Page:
James Franco

He blew his mind out in a car

Another poem from my Pollock sequence. Pollock wanted James Dean to play him in the movie of his life, which would be like getting James Franco (brilliant as Ginsberg but far too beautiful) to play him now instead of Ed Harris, who was tough, edgy, tortured (and not too beautiful), and who had enough of Pollock’s physical attributes to pass for the real thing. Pollock was attractive to women, but he was a bruiser, with a heavy, hangdog face. He looked like his paintings look: difficult, untidy, unpredictable.

But you can see why when Pollock looked in the mirror, he saw Dean. His ego (and a reasonable amount of drink) allowed him to envision himself as a film star, an idol, and the press agreed. When Life magazine ran a photo feature with the headline, Is This the Greatest Living Artist in the United States?, Pollock knew the answer was YES. It was 1949, long before Basquiat and Tracey Emin were even born, but it was Pollock who gave them the model for artist as temperamental star; so that the art and the personality become intertwined in people’s minds (and sometimes the personality becomes a greater force).

But there was an inner Dean in Pollock too: the biker-jacket-and-Marlboro aesthetic, the tormented genius. Pollock recognised Dean as a kindred spirit. He also recognised someone who knew how to “manage” his image. And they crossed into each other’s worlds; Dean wrote poetry, Pollock was the star of Hans Namuth’s films where painting becomes an action sequence (like a fight or a car chase).

They were both killed in car accidents, within a year of each other. Dean died on 30th September 1955 at the age of 24. His Porsche 550 Spyder, known as “Little Bastard” was completely destroyed in a head-on collision. Rebel Without a Cause was released posthumously. In that film, Dean’s character, Jim Stark, is challenged to a “chicken run”, a drag race towards a cliff edge in stolen cars. Pollock was a fan of the movie. It is commonly accepted that his “accident” was probably not an accident. On his way back from a party on 11th August 1956, he drove his Oldsmobile convertible into a tree. He had been drinking. He was 44. One of his passengers, Edith Metzger, was also killed, but his lover, Ruth Kligman, survived (earning her the nickname “Death Car Girl”).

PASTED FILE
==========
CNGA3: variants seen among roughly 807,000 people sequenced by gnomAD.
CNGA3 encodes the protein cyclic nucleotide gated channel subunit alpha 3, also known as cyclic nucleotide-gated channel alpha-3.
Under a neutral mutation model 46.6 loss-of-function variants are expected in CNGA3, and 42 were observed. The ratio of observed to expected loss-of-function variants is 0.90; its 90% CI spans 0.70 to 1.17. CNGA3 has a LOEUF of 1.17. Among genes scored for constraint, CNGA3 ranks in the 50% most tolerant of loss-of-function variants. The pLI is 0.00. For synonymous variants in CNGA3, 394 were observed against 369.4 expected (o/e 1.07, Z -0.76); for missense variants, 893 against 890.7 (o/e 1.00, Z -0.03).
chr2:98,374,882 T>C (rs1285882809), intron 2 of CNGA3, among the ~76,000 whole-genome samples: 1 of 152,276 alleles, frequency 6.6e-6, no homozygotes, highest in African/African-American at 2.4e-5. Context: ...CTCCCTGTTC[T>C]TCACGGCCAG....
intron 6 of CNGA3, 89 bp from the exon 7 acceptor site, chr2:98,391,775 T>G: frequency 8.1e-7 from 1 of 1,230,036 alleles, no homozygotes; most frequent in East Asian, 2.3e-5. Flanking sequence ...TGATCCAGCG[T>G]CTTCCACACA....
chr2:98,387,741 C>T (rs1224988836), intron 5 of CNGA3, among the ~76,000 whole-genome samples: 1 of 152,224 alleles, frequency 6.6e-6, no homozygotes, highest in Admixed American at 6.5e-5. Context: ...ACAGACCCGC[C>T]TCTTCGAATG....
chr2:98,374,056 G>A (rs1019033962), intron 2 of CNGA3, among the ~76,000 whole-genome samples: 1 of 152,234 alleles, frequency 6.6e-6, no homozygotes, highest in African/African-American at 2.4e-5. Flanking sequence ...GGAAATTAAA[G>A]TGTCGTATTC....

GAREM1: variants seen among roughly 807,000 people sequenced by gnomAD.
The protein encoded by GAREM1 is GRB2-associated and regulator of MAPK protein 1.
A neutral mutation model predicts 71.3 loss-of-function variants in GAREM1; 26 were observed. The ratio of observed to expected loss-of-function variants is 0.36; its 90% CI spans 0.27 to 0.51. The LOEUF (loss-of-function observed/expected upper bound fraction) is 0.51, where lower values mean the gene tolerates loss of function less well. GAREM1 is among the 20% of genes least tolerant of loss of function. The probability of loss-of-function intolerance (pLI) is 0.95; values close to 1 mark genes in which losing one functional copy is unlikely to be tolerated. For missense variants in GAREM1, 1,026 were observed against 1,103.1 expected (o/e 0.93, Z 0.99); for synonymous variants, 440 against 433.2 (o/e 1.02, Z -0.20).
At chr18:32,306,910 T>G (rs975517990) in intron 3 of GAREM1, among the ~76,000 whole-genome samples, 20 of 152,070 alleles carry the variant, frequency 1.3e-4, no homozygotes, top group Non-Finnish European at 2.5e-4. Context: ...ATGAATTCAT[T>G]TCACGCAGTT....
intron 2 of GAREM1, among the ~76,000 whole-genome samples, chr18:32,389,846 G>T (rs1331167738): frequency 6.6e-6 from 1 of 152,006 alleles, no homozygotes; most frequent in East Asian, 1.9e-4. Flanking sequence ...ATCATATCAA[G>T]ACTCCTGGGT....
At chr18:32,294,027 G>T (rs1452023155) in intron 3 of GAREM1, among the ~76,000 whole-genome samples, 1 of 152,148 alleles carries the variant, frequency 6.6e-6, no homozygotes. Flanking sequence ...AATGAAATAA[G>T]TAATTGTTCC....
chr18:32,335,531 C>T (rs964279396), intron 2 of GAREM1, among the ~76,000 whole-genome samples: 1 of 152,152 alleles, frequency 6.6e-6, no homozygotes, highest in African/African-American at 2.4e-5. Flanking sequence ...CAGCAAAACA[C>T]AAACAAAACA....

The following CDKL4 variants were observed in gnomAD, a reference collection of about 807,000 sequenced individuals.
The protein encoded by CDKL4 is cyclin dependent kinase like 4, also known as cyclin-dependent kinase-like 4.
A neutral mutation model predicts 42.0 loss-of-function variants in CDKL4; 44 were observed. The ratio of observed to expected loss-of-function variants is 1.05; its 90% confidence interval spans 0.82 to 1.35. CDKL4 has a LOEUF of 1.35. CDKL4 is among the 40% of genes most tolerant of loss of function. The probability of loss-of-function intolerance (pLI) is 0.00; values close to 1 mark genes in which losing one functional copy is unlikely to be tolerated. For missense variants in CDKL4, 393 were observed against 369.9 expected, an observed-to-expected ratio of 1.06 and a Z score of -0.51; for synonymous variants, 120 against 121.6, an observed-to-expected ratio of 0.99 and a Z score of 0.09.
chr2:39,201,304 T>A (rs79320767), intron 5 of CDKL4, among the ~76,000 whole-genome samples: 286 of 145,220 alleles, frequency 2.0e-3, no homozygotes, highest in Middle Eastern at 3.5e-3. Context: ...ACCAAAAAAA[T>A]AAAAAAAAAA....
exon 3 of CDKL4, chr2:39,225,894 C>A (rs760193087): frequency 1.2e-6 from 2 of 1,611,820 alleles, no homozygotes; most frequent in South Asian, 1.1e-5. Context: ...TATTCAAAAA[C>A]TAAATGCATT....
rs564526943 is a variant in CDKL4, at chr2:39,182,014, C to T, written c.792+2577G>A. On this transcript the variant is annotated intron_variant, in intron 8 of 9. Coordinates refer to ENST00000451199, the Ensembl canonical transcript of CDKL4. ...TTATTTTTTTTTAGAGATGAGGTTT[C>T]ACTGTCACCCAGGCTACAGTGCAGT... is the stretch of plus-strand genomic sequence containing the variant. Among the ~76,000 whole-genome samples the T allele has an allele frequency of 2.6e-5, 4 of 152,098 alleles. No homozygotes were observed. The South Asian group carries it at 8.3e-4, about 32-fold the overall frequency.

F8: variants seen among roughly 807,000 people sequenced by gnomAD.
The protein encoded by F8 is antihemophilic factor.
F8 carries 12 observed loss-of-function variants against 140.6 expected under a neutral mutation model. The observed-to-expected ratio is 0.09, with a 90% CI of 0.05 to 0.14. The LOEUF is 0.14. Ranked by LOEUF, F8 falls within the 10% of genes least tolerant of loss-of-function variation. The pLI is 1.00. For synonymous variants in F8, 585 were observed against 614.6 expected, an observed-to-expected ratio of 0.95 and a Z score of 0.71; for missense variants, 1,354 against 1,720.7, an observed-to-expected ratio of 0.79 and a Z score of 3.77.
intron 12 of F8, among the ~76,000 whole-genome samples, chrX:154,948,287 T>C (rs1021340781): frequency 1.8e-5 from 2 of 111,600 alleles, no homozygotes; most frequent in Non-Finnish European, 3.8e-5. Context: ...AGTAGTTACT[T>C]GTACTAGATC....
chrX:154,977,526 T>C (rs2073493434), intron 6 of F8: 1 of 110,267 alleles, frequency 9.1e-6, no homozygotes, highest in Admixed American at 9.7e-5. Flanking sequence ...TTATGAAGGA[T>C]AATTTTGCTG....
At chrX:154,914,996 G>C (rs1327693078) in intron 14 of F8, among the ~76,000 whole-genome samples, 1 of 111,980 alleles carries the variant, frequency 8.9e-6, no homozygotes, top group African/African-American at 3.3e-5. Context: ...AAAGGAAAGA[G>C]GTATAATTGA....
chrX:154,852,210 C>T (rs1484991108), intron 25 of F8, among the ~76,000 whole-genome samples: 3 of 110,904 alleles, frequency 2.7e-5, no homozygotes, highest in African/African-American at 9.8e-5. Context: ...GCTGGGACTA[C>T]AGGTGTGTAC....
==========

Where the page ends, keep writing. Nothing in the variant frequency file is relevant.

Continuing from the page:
So here’s the poem. The passages in italics are lines from Rebel Without a Cause.

Rebel without a Cause

Lights. Camera. Action. Paint
whirls off the brush, as he drips
and dives:


Posing with his new Oldsmobile,
itching to take her out
for a spin, take in a matinee.

At the Regal lights dim
on the plush red, Jimmy’s face
reels on the screen:

Once you been up there
you know you’ve been someplace

The boy in Warnercolor, the boy
in the newsreel. Wheels
spun out, Porsche scrapped.
Like the magic trick, sawn in half.

The artist slumps in the row at the back.
He’s seen this flick before:

I don’t know what to do anymore.
Except maybe die.

Good trick:
exit stage right
before you crash and burn,
because tomorrow you’ll be nothing.

Better to be a dead hero
than a deadbeat. Plush red,
lights dim.

You can wake up now,
the universe has ended.